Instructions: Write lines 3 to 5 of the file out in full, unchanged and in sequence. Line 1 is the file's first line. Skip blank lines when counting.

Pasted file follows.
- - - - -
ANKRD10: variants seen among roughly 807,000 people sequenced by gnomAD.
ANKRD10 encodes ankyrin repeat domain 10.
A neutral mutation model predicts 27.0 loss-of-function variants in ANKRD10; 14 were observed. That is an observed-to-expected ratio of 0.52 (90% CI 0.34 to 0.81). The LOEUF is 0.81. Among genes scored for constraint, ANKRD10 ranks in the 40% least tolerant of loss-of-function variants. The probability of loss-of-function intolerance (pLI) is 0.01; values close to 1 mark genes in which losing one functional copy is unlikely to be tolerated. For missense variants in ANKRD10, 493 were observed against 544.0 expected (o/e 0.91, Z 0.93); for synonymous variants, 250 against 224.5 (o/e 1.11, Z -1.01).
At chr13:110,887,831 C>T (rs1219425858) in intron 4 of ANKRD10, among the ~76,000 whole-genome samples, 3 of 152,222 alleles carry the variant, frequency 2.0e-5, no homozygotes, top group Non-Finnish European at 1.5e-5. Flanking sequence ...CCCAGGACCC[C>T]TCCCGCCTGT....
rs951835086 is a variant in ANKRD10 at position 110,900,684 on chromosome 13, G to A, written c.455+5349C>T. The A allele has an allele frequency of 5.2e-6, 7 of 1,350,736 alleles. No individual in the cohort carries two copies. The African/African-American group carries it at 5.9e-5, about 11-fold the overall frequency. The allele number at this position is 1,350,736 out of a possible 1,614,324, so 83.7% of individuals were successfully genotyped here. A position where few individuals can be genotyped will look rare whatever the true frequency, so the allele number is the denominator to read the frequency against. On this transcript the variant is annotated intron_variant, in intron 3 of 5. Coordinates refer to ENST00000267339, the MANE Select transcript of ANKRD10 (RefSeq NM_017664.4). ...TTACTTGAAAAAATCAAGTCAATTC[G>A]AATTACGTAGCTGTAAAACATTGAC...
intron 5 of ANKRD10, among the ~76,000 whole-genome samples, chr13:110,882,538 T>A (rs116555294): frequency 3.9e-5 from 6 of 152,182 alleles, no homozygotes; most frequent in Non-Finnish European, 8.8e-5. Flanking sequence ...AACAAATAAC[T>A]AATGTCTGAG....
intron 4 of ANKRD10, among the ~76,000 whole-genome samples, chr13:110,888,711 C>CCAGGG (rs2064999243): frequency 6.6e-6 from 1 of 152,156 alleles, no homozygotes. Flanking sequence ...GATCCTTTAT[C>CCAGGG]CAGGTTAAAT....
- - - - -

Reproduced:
A neutral mutation model predicts 27.0 loss-of-function variants in ANKRD10; 14 were observed. That is an observed-to-expected ratio of 0.52 (90% CI 0.34 to 0.81). The LOEUF is 0.81. Among genes scored for constraint, ANKRD10 ranks in the 40% least tolerant of loss-of-function variants. The probability of loss-of-function intolerance (pLI) is 0.01; values close to 1 mark genes in which losing one functional copy is unlikely to be tolerated. For missense variants in ANKRD10, 493 were observed against 544.0 expected (o/e 0.91, Z 0.93); for synonymous variants, 250 against 224.5 (o/e 1.11, Z -1.01).
At chr13:110,887,831 C>T (rs1219425858) in intron 4 of ANKRD10, among the ~76,000 whole-genome samples, 3 of 152,222 alleles carry the variant, frequency 2.0e-5, no homozygotes, top group Non-Finnish European at 1.5e-5. Flanking sequence ...CCCAGGACCC[C>T]TCCCGCCTGT....
rs951835086 is a variant in ANKRD10 at position 110,900,684 on chromosome 13, G to A, written c.455+5349C>T. The A allele has an allele frequency of 5.2e-6, 7 of 1,350,736 alleles. No individual in the cohort carries two copies. The African/African-American group carries it at 5.9e-5, about 11-fold the overall frequency. The allele number at this position is 1,350,736 out of a possible 1,614,324, so 83.7% of individuals were successfully genotyped here. A position where few individuals can be genotyped will look rare whatever the true frequency, so the allele number is the denominator to read the frequency against. On this transcript the variant is annotated intron_variant, in intron 3 of 5. Coordinates refer to ENST00000267339, the MANE Select transcript of ANKRD10 (RefSeq NM_017664.4). ...TTACTTGAAAAAATCAAGTCAATTC[G>A]AATTACGTAGCTGTAAAACATTGAC...